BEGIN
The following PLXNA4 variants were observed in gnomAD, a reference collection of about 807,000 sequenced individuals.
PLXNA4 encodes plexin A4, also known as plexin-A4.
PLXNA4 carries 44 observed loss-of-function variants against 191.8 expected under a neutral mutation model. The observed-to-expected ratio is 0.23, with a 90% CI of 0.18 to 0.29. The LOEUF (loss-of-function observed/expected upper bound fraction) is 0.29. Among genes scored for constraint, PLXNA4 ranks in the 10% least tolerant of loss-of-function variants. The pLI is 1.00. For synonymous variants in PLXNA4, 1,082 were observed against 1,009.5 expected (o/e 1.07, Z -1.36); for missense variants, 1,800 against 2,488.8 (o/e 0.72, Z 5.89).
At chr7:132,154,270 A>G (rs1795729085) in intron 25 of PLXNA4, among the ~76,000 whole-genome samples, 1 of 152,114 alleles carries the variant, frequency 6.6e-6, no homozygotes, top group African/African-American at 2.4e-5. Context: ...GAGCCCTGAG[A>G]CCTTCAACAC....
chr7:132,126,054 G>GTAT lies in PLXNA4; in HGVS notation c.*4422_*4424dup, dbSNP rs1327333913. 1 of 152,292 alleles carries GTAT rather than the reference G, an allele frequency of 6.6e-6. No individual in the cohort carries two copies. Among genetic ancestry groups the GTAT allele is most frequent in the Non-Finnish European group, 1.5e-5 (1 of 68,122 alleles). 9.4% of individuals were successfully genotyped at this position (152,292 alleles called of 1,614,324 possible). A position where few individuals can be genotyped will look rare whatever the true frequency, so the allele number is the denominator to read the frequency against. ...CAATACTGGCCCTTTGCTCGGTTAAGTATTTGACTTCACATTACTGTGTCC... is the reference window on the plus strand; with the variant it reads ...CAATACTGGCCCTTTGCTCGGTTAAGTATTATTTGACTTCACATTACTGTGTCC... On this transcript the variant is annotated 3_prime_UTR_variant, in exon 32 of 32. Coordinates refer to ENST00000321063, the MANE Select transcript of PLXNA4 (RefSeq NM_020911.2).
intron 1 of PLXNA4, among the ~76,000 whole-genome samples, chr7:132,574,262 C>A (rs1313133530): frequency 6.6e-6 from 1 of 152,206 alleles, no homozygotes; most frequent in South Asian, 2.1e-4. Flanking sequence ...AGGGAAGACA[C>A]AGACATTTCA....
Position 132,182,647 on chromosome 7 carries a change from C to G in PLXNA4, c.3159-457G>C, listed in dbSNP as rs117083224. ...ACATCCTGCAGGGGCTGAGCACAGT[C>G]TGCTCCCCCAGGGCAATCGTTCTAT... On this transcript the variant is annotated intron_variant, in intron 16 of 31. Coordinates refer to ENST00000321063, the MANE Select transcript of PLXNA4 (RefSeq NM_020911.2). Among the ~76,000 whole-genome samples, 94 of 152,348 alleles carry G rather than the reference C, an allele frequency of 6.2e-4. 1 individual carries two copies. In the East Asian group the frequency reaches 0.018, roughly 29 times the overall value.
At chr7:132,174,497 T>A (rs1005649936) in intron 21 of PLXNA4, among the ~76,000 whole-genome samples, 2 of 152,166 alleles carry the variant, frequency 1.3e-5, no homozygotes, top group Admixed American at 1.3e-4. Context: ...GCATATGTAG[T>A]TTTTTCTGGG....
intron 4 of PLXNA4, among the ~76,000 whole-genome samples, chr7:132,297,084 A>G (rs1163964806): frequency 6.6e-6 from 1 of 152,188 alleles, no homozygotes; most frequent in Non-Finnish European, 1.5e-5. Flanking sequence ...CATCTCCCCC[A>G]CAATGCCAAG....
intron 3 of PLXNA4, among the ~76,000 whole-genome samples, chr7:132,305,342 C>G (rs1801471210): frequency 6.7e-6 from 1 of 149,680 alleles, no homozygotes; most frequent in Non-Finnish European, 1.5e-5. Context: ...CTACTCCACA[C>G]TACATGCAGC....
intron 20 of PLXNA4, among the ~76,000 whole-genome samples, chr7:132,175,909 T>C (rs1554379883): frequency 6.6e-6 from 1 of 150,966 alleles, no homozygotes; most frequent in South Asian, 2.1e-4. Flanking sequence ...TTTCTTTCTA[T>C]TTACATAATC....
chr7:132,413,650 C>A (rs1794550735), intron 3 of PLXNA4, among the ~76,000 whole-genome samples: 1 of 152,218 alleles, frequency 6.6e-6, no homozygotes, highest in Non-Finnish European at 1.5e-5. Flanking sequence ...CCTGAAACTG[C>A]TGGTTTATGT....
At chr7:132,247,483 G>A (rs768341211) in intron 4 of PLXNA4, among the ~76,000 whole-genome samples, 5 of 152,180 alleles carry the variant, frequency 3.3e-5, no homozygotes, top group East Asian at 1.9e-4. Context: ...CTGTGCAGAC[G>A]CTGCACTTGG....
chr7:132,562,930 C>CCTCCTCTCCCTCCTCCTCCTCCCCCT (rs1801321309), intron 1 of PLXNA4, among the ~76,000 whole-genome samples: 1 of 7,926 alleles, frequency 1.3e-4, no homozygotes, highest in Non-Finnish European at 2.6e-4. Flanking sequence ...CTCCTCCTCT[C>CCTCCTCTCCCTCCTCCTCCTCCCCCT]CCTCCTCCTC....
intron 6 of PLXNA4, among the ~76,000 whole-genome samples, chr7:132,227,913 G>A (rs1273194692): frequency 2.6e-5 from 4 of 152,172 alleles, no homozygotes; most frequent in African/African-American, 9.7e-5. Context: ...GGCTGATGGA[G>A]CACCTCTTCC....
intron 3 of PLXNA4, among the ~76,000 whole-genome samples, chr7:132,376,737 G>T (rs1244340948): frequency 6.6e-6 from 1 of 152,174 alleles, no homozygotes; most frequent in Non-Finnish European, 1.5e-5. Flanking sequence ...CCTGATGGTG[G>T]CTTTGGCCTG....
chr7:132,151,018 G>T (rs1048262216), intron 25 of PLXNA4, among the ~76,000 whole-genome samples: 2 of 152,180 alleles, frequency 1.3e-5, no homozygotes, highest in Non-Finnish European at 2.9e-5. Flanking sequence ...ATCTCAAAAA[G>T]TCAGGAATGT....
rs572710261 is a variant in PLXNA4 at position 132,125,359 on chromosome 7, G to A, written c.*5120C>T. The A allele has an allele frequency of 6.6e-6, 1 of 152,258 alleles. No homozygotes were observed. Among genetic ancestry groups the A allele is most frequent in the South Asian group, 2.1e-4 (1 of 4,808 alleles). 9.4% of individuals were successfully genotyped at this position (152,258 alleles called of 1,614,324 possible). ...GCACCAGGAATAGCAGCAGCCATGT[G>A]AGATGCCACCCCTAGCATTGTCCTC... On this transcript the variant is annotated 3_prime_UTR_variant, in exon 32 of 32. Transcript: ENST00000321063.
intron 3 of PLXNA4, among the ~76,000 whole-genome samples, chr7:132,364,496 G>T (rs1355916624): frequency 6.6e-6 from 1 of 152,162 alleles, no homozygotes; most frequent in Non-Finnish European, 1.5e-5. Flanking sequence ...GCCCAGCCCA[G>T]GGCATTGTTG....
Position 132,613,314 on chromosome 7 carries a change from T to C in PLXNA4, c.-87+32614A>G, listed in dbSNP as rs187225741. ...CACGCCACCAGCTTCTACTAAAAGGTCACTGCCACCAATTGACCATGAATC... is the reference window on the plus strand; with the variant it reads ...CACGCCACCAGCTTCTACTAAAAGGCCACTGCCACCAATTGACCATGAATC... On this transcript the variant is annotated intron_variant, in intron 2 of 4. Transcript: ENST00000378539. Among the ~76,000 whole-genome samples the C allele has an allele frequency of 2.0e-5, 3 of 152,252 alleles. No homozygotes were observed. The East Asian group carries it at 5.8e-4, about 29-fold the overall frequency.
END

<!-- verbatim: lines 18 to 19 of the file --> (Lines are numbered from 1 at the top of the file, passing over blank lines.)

rs572710261 is a variant in PLXNA4 at position 132,125,359 on chromosome 7, G to A, written c.*5120C>T. The A allele has an allele frequency of 6.6e-6, 1 of 152,258 alleles. No homozygotes were observed. Among genetic ancestry groups the A allele is most frequent in the South Asian group, 2.1e-4 (1 of 4,808 alleles). 9.4% of individuals were successfully genotyped at this position (152,258 alleles called of 1,614,324 possible). ...GCACCAGGAATAGCAGCAGCCATGT[G>A]AGATGCCACCCCTAGCATTGTCCTC... On this transcript the variant is annotated 3_prime_UTR_variant, in exon 32 of 32. Transcript: ENST00000321063.
intron 3 of PLXNA4, among the ~76,000 whole-genome samples, chr7:132,364,496 G>T (rs1355916624): frequency 6.6e-6 from 1 of 152,162 alleles, no homozygotes; most frequent in Non-Finnish European, 1.5e-5. Flanking sequence ...GCCCAGCCCA[G>T]GGCATTGTTG....